It has come to light that Google will shut its engineering office in Russia as internet restrictions in the Putin led nation tighten around internet freedoms.
“We are deeply committed to our Russian users and customers and we have a dedicated team in Russia working to support them,” a Google spokesman told PCMag in an email.
The Wall Street Journal however reports, that certain Google employees will stay back monitor sales, business partnerships, user support, marketing, and communications.
The specifics of the entire situation remain murky in the wake of a number of laws and legislations that choke the online freedom. A new law that takes effect early next year will require citizen data to be stored in data centers within the country instead of offshore facilities in other countries. Internet firms that violate the law could face penalties, the WSJ reports.
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Anton Nossik, a web entrepreneur, and touted as the father of the Russian internet commented, “The changes in the political situation make it less viable, less feasible to maintain engineers here, and that is not even counterbalanced by the fact that engineers get cheaper by the day because of the [falling value of the] rouble.”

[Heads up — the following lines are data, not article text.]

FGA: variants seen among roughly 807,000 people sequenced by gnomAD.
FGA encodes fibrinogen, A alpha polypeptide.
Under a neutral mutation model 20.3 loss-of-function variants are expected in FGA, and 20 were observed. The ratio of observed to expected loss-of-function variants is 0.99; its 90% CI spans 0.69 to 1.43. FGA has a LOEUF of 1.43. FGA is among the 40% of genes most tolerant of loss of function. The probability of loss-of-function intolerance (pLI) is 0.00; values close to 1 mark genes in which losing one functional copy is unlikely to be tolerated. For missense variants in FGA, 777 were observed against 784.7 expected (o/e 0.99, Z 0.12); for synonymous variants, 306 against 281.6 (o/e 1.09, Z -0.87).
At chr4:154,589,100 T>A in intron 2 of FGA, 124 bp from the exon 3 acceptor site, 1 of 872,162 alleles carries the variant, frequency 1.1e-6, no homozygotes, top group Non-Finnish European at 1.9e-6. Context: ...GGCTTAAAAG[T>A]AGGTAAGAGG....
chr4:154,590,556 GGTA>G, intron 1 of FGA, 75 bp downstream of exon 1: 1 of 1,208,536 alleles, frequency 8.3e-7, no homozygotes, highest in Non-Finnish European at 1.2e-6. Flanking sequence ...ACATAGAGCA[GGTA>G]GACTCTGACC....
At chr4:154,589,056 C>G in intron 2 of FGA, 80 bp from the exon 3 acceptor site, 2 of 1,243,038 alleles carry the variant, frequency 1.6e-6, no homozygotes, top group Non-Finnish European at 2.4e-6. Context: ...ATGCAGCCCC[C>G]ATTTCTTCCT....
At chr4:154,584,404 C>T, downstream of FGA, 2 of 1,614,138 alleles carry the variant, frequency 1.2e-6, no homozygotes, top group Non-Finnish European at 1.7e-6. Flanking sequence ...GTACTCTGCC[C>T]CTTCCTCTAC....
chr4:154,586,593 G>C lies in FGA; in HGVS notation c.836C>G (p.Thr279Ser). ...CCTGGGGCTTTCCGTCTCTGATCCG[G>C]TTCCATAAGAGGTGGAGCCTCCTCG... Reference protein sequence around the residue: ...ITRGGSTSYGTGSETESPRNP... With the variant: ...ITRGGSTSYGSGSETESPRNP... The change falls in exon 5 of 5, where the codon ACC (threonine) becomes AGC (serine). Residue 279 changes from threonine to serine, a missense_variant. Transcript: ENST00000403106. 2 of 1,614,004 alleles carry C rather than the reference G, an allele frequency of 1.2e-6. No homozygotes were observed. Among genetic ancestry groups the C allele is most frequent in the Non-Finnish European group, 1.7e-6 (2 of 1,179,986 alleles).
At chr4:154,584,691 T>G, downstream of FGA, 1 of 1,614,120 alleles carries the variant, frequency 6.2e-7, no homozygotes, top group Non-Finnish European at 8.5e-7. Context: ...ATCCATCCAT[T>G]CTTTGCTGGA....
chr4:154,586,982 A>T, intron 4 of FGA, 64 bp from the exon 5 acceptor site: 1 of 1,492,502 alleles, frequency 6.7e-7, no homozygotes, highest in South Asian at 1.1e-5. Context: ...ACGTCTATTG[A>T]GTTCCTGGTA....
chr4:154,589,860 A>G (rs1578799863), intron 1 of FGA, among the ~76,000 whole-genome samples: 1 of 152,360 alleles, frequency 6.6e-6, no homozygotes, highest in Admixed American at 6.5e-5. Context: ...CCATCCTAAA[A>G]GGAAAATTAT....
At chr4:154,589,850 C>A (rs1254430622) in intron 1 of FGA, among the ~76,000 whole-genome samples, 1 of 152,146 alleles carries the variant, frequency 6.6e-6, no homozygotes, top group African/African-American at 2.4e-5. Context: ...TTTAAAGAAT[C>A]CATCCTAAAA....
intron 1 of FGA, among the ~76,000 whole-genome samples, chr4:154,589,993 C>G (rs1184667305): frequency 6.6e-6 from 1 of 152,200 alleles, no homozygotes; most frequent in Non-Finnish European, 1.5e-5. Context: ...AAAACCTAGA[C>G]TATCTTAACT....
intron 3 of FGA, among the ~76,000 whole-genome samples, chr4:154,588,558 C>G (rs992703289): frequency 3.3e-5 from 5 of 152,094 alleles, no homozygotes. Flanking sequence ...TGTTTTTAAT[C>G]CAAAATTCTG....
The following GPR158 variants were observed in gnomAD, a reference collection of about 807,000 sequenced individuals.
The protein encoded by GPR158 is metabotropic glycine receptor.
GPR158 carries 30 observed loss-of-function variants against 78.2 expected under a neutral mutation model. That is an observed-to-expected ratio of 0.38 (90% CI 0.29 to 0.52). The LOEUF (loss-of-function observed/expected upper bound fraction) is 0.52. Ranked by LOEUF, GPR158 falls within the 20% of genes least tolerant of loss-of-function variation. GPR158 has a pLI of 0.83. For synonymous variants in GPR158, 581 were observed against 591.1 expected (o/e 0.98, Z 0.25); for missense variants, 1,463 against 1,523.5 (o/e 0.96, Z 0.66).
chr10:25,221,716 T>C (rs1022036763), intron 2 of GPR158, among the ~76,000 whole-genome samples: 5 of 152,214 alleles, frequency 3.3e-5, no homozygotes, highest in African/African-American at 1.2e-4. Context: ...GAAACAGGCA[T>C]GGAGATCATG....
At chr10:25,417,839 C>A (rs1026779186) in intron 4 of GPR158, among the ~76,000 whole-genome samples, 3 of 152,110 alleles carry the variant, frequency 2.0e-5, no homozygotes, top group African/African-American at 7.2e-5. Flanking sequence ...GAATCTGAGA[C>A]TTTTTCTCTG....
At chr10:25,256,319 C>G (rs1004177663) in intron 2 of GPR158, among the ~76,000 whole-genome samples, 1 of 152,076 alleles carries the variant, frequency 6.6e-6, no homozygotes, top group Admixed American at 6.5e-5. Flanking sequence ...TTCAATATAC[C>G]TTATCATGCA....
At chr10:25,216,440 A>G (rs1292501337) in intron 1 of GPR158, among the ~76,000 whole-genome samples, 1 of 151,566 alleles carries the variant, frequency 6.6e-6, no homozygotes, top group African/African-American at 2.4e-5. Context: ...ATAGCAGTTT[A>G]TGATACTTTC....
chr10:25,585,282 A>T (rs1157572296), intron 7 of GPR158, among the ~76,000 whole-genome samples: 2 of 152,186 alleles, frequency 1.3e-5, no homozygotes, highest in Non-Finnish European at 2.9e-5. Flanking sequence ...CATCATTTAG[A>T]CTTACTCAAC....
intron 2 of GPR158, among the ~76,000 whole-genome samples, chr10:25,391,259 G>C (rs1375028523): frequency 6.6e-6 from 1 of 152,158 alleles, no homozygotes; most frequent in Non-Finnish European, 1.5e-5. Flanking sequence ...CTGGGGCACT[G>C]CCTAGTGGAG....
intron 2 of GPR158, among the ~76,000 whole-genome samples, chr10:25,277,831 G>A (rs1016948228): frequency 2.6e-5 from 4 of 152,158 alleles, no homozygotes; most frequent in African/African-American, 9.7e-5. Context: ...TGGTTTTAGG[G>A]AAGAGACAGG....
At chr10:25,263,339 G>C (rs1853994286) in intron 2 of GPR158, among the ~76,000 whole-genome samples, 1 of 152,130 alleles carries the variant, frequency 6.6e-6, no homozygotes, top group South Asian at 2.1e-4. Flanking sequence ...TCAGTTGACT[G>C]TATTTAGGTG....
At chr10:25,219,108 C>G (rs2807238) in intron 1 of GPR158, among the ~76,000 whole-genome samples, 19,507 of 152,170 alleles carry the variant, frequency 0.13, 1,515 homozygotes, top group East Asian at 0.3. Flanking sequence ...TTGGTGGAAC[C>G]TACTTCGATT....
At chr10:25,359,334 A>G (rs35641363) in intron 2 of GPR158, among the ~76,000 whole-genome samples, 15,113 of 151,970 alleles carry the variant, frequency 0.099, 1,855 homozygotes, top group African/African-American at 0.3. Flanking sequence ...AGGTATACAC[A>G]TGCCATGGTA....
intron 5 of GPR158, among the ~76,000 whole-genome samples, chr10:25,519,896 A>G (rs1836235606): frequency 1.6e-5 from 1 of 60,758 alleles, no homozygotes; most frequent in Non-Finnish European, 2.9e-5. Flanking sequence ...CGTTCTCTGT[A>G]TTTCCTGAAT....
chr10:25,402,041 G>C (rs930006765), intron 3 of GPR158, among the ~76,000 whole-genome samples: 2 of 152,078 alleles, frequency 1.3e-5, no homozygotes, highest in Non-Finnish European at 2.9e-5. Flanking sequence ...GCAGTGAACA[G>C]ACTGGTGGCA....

“There are a lot of counter productive measures, not only [government] pressure but also the general unpredictability of how the situation will develop. One thing that is predictable is that it will develop for the worse. The only thing we don’t know is how fast regulations limiting foreign activities on the Russian market will be adopted,” he added, the Guardian reports.
The Information originally reported of Google’s move citing knowledgeable sources, and brought forth the closure of other enterprises for similar reasons. Following the search of Russian e-commerce outfit Lamoda, last week by law enforcement authorities for unknown reasons, American venture and private equity firms, like General Catalyst, Accel Partners and Tiger Global Management, have divested some of their Russian investments, signaling a broad retreat, the publication reported.
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(Image credit: Google Moscow by Alexander Minza)